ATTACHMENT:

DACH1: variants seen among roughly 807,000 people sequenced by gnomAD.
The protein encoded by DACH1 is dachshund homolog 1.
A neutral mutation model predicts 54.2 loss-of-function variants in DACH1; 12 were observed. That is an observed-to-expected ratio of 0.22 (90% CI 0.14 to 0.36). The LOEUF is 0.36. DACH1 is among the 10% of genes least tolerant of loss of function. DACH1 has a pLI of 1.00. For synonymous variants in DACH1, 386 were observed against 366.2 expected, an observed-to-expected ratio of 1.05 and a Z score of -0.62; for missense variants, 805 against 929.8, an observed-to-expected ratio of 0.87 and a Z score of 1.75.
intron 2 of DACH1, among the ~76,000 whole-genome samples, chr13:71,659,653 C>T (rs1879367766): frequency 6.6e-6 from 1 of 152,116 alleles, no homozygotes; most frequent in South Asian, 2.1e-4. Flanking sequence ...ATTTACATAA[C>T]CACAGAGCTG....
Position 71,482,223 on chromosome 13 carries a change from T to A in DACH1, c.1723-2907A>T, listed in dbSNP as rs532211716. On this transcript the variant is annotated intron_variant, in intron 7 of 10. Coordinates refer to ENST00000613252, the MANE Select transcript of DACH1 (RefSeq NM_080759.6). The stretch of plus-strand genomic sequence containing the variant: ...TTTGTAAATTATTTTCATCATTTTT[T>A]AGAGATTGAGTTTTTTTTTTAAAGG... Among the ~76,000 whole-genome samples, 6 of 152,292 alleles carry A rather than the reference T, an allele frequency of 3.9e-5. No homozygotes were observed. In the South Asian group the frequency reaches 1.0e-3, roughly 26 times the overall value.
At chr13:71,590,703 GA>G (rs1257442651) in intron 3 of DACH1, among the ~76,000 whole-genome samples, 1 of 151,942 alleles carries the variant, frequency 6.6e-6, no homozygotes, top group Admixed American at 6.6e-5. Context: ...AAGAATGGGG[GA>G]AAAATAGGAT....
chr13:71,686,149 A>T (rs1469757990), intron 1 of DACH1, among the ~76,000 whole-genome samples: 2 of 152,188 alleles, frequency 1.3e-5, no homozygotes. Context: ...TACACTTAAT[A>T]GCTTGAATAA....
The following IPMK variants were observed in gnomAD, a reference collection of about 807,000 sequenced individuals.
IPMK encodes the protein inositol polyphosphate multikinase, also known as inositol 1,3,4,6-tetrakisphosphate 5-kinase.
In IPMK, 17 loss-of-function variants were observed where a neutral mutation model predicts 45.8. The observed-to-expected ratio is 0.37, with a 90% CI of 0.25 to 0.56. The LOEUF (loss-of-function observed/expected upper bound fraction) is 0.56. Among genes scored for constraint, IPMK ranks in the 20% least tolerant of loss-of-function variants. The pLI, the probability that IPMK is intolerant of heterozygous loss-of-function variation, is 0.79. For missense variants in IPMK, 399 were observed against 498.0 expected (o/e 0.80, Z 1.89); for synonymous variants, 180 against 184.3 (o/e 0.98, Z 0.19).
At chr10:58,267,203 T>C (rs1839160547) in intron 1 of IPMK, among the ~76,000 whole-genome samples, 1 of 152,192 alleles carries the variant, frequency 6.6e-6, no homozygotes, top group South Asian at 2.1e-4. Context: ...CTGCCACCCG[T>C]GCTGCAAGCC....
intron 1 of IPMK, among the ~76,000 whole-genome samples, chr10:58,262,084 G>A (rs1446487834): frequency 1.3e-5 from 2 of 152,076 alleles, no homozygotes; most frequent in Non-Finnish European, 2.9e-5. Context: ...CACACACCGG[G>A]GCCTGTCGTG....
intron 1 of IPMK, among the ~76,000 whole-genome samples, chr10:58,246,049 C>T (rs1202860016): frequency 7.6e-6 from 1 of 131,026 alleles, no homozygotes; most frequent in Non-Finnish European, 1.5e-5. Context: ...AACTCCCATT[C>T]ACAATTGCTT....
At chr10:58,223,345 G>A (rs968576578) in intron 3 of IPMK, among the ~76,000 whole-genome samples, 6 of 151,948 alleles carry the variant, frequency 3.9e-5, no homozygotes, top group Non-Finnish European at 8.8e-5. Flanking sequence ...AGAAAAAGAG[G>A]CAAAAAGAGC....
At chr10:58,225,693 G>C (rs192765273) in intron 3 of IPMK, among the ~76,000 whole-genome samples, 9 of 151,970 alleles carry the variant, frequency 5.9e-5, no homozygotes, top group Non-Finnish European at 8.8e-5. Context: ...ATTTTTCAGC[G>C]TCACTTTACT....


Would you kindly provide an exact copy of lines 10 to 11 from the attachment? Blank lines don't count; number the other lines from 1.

In IPMK, 17 loss-of-function variants were observed where a neutral mutation model predicts 45.8. The observed-to-expected ratio is 0.37, with a 90% CI of 0.25 to 0.56. The LOEUF (loss-of-function observed/expected upper bound fraction) is 0.56. Among genes scored for constraint, IPMK ranks in the 20% least tolerant of loss-of-function variants. The pLI, the probability that IPMK is intolerant of heterozygous loss-of-function variation, is 0.79. For missense variants in IPMK, 399 were observed against 498.0 expected (o/e 0.80, Z 1.89); for synonymous variants, 180 against 184.3 (o/e 0.98, Z 0.19).
At chr10:58,267,203 T>C (rs1839160547) in intron 1 of IPMK, among the ~76,000 whole-genome samples, 1 of 152,192 alleles carries the variant, frequency 6.6e-6, no homozygotes, top group South Asian at 2.1e-4. Context: ...CTGCCACCCG[T>C]GCTGCAAGCC....